Sanni Baumgaertner was among the 200 or so people who turned out Thursday night for Step Two of the Downtown Master Plan. She liked what she saw, which was a fleshing out of ideas gleamed from a November meeting she attended.
"I think the plan is heading in the right direction," she said. "I like the focus on public participation and the fact that we get to give our opinion."
And what did the public see and vote on?
Features related to connectivity, green space and transportation. On the screen were a rail line running through campus along the Norfolk and Southern rail line; a linear park connecting downtown to Lay Park and the Lyndon House; a beefed-up role for Dudley Park, with the restored trestles and a commuter shed along the Firefly Trail; and a new park behind City Hall where there's now a parking lot.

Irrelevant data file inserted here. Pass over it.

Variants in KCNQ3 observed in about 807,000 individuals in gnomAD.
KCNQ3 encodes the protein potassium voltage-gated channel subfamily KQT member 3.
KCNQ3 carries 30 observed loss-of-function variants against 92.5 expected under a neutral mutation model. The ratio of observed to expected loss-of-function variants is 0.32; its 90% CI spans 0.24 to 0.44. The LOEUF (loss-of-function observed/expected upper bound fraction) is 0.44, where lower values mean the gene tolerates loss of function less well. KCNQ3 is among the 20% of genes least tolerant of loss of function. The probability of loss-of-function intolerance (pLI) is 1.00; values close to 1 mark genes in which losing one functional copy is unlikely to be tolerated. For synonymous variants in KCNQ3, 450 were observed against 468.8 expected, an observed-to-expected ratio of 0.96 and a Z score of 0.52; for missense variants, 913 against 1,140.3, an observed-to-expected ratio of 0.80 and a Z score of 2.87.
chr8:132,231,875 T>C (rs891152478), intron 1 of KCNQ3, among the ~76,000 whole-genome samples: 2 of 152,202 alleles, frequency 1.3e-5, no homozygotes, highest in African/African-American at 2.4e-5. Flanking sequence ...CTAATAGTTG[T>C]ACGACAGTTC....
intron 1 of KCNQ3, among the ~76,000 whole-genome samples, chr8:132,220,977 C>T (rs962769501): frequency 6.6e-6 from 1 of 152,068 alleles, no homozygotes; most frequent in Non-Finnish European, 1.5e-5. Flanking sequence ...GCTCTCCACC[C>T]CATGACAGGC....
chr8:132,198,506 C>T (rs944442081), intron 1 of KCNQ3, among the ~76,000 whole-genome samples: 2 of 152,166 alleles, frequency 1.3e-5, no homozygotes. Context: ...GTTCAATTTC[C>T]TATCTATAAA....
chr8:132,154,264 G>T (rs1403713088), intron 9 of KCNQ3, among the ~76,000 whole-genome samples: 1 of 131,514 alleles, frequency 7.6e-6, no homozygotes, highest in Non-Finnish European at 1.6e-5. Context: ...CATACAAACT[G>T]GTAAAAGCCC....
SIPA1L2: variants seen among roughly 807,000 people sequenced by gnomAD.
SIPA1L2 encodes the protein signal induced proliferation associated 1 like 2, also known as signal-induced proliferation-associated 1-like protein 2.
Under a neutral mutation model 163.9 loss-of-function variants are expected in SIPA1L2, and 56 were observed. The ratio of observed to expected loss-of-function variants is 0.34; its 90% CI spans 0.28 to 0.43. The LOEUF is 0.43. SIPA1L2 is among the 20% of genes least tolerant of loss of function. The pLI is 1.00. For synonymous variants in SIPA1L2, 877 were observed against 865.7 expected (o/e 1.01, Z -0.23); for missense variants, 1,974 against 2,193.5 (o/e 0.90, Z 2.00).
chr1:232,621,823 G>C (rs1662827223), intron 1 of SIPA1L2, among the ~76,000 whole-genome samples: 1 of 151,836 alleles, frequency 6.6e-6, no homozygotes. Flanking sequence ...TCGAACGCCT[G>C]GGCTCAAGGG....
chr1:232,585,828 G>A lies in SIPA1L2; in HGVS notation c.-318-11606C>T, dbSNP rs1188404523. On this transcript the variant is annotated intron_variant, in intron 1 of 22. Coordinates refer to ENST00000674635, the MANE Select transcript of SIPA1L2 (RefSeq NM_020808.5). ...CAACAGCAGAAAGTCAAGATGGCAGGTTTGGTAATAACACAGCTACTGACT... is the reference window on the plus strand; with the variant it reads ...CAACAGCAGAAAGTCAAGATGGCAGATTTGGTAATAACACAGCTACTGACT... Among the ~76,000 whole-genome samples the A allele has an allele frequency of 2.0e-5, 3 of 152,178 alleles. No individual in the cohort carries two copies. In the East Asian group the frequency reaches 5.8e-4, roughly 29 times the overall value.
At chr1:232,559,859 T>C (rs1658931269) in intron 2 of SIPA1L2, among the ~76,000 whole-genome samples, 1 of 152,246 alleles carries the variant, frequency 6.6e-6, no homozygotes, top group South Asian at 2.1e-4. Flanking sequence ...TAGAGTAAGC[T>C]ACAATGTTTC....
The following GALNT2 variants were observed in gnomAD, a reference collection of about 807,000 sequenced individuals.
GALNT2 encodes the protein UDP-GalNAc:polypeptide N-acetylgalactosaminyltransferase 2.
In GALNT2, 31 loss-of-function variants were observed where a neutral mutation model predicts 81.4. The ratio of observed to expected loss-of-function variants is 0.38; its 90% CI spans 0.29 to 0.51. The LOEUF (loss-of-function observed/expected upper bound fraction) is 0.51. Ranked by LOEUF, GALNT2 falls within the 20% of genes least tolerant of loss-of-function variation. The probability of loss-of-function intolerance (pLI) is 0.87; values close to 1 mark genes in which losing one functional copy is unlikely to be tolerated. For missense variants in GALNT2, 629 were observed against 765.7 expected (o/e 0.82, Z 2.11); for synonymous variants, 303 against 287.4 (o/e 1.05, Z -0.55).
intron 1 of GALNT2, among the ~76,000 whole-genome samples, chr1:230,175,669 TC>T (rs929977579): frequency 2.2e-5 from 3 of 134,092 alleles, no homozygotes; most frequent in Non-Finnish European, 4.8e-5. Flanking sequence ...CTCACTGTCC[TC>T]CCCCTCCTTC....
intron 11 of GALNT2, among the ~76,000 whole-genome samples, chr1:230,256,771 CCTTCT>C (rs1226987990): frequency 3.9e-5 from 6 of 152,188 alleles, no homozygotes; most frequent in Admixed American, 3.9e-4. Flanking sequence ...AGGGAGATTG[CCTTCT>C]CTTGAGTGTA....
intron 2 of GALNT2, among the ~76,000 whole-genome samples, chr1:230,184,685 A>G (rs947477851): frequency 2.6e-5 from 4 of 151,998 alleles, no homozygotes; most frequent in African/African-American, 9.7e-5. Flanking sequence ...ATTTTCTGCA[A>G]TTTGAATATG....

There's a 10,000-seat amphitheatre behind the Classic Center going toward the river and a park around a retention pond near the Multi-Modal Center.
Notably absent from the list of green space ideas was College Square, which many people want to close between Clayton and Broad Street. The idea of closing the street didn't sit well with members of the Steering Committee, Crowley said, and so it didn't come before the larger public.
"They said why throw up iffy and devisive ideas that will take everyone's attention away from the other good ideas?" Crowley said. "I say why don't we build all these other things and then see how people feel about it? See if the retail people are okay with it then."
In addition to proposals, the presentation also offered ways to pay for the improvements--through land leasing, SPLOST and a tax allocation district.
Those who didn't get to attend Thursday's meeting can still offer comments on the plan by going to the website.
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Public Vetting of Downtown Master Plan Ideas Set for April 25th